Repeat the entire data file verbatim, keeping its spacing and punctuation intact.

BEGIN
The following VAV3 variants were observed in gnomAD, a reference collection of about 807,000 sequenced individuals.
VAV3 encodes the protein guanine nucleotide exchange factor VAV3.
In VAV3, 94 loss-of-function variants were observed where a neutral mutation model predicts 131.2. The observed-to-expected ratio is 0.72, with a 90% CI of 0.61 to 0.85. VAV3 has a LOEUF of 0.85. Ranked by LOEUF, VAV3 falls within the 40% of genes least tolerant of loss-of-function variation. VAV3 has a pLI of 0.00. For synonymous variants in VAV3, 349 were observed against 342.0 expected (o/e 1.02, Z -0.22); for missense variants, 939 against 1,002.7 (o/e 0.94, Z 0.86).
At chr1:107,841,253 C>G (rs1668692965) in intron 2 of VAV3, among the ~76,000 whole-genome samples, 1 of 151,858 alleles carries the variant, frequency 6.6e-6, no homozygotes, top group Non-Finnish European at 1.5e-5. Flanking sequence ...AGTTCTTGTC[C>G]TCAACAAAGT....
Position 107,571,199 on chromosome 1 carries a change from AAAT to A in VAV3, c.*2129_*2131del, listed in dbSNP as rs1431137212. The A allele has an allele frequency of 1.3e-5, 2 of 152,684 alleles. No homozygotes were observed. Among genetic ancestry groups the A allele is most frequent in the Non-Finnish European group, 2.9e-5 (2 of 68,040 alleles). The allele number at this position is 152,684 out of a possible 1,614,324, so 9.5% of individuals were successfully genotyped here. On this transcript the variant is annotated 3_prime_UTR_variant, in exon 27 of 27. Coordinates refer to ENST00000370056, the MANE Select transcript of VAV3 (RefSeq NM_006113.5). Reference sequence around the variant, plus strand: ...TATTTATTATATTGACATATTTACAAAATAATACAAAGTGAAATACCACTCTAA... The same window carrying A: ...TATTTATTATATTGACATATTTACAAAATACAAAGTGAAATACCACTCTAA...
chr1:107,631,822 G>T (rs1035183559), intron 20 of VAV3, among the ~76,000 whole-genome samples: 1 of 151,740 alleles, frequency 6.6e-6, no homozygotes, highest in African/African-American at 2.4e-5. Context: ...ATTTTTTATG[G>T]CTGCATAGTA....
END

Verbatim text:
The following VAV3 variants were observed in gnomAD, a reference collection of about 807,000 sequenced individuals.
VAV3 encodes the protein guanine nucleotide exchange factor VAV3.
In VAV3, 94 loss-of-function variants were observed where a neutral mutation model predicts 131.2. The observed-to-expected ratio is 0.72, with a 90% CI of 0.61 to 0.85. VAV3 has a LOEUF of 0.85. Ranked by LOEUF, VAV3 falls within the 40% of genes least tolerant of loss-of-function variation. VAV3 has a pLI of 0.00. For synonymous variants in VAV3, 349 were observed against 342.0 expected (o/e 1.02, Z -0.22); for missense variants, 939 against 1,002.7 (o/e 0.94, Z 0.86).
At chr1:107,841,253 C>G (rs1668692965) in intron 2 of VAV3, among the ~76,000 whole-genome samples, 1 of 151,858 alleles carries the variant, frequency 6.6e-6, no homozygotes, top group Non-Finnish European at 1.5e-5. Flanking sequence ...AGTTCTTGTC[C>G]TCAACAAAGT....
Position 107,571,199 on chromosome 1 carries a change from AAAT to A in VAV3, c.*2129_*2131del, listed in dbSNP as rs1431137212. The A allele has an allele frequency of 1.3e-5, 2 of 152,684 alleles. No homozygotes were observed. Among genetic ancestry groups the A allele is most frequent in the Non-Finnish European group, 2.9e-5 (2 of 68,040 alleles). The allele number at this position is 152,684 out of a possible 1,614,324, so 9.5% of individuals were successfully genotyped here. On this transcript the variant is annotated 3_prime_UTR_variant, in exon 27 of 27. Coordinates refer to ENST00000370056, the MANE Select transcript of VAV3 (RefSeq NM_006113.5). Reference sequence around the variant, plus strand: ...TATTTATTATATTGACATATTTACAAAATAATACAAAGTGAAATACCACTCTAA... The same window carrying A: ...TATTTATTATATTGACATATTTACAAAATACAAAGTGAAATACCACTCTAA...
chr1:107,631,822 G>T (rs1035183559), intron 20 of VAV3, among the ~76,000 whole-genome samples: 1 of 151,740 alleles, frequency 6.6e-6, no homozygotes, highest in African/African-American at 2.4e-5. Context: ...ATTTTTTATG[G>T]CTGCATAGTA....